• Condensate is removed through the condensate valve.


  • Multiple effect evaporator Due to heat transfer, the liquid temperature increases & reaches the B.P. during this process, vapour well be generated from the liquid feed.

  • So, formed vapour displaces air in the upper part of 1st evaporator.

  • Moreover, the vapour also displaces the air in the steam space of the 2nd evaporator.

  • After complete displacement of air by vapour in the steam compartment of 2nd evaporator, the second

  • valve is closed.

  • The vapour of 1st evaporator transmits its heat to the liquid of 2nd evaporator & gets condensed.

  • Condensate is removed through the second condensate valve. These steps continue in the 3rd evaporator also.


  • As the liquid in 1st evaporator gains temperature the difference in temperature between the liquid & steam decreases, hence, the rate of condensation decreases.

  • As a result, the pressure in the vapour space of 1st evaporator gradually increases to P1 by increasing temperature to T1 , which is the B.P. of the liquid in first evaporator & decreasing the temperature difference (t0-t1).

  • A similar change takes place in the 2nd evaporator & the liquid reaches the B.P.

  • similarly, the process will be repeated in 3rd evaporator. Finally 3 evaporators come to a steady state with the liquid boiling in all the 3 bodies.


  • As boiling proceed, liquid level in 1st evaporator comes down. Feed is introduced through the feed valve to maintain the liquid level constant.

  • Similarly evaporation of liquid takes place in 2nd & 3rd evaporators.

  • To maintain the liquid levels constant, feed valves F2 & F3 are used for 2nd & 3rd evaporator respectively.

  • This process is continued until the liquid in all the evaporators reaches the desired viscosity.

  • Now the product valves are opened to collect the thick liquid.

  • Thus in this evaporators, there is continuous supply of feed, continuous supply of steam & continuous withdrawal of liquid from all 3 evaporators. Hence, evaporators work continuously.

 Forced-Circulation NaCl Evaporator


  • So efficiency of evaporator may be expressed as:

  • efficiency of evaporator=total mass of vapour produced/total mass of steam supplied.

  • In single-effect evaporator, steam produces vapour only once.

  • So efficiency of single effect evaporator=N units of vapour produced/N units of steam supplied=1

  • In multiple effect evaporator, one unit of steam produces vapour many times, depending on the no. of evaporators connected.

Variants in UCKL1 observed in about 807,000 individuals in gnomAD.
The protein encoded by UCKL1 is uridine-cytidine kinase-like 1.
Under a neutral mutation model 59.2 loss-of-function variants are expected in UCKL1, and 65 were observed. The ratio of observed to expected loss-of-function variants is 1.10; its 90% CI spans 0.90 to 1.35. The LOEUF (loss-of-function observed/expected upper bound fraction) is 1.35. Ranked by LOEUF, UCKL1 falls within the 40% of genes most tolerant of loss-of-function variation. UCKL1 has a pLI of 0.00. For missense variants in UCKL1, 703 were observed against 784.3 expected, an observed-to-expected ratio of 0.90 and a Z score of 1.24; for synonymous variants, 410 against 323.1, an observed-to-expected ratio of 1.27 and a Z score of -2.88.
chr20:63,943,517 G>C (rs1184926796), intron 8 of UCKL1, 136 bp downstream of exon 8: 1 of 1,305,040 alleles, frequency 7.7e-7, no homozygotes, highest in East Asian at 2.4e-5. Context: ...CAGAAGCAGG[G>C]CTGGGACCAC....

• So efficiency of multiple effect evaporator=N units of vapour produced/1 unit steam supplied=N

  • Therefore, efficiency of multiple effect evaporator is N times the economy of the single effect evaporator.

Efficiency of multiple effect evaporator

  • It is the quantity of vapour produced per unit steam admitted.

  • Feed is admitted at its B.P. so it does not require any more heat to raise its temp.

  • Hence, the supplied steam is condensed to give heat of condensation. This heat will then transferred to the liquid.

  • The heat transferred now serves as latent heat of vaporization, i.e. liquid undergoes vaporization by receiving heat. Loss of heat by means is negligible.

Cut sections of various equipments of multiple effect evaporator


Evaporator blower

Water heat exchanger

Pre heater

Overview of thermal recompressor

Evaporator condenser

Feeding of Multiple Effect Evaporators

  • There are three types of feeding methods:

    Forward feeding

    Backward feeding

    Parallel feeding


    The pressure in the second effect must be reduced below that in the first. In some cases, the first effect may be at a pressure above atmospheric; or the first effect may be at atmospheric pressure and the second and subsequent effects have therefore to be under increasingly lower pressures. Often many of the later effects are under vacuum. Under these conditions, the liquid feed progress is simplest if it passes from effect one to effect two, to effect three, and so on, as in these circumstances the feed will flow without pumping. This is called forward feed

Forward feeding:

In the case of a forward feet operation, the raw feed is introduced in the first effect and is passed from effect to effect parallel to steam flow. The product is withdrawn from the last effect. This procedure is highly advantageous if the feed is hot. The method is also used if the concentrated product may be damaged or may deposit scale at high temperature

Backward feed:

Alternatively, feed may pass in the reverse direction, starting in the last effect and proceeding to the first, but in this case the liquid has to be pumped from one effect to the next against the pressure drops. This is called backward feed and because the concentrated viscous liquids can be handled at the highest temperatures in the first effects it usually offers larger evaporation capacity than forward feed systems, but it may be disadvantageous from the viewpoint of product quality.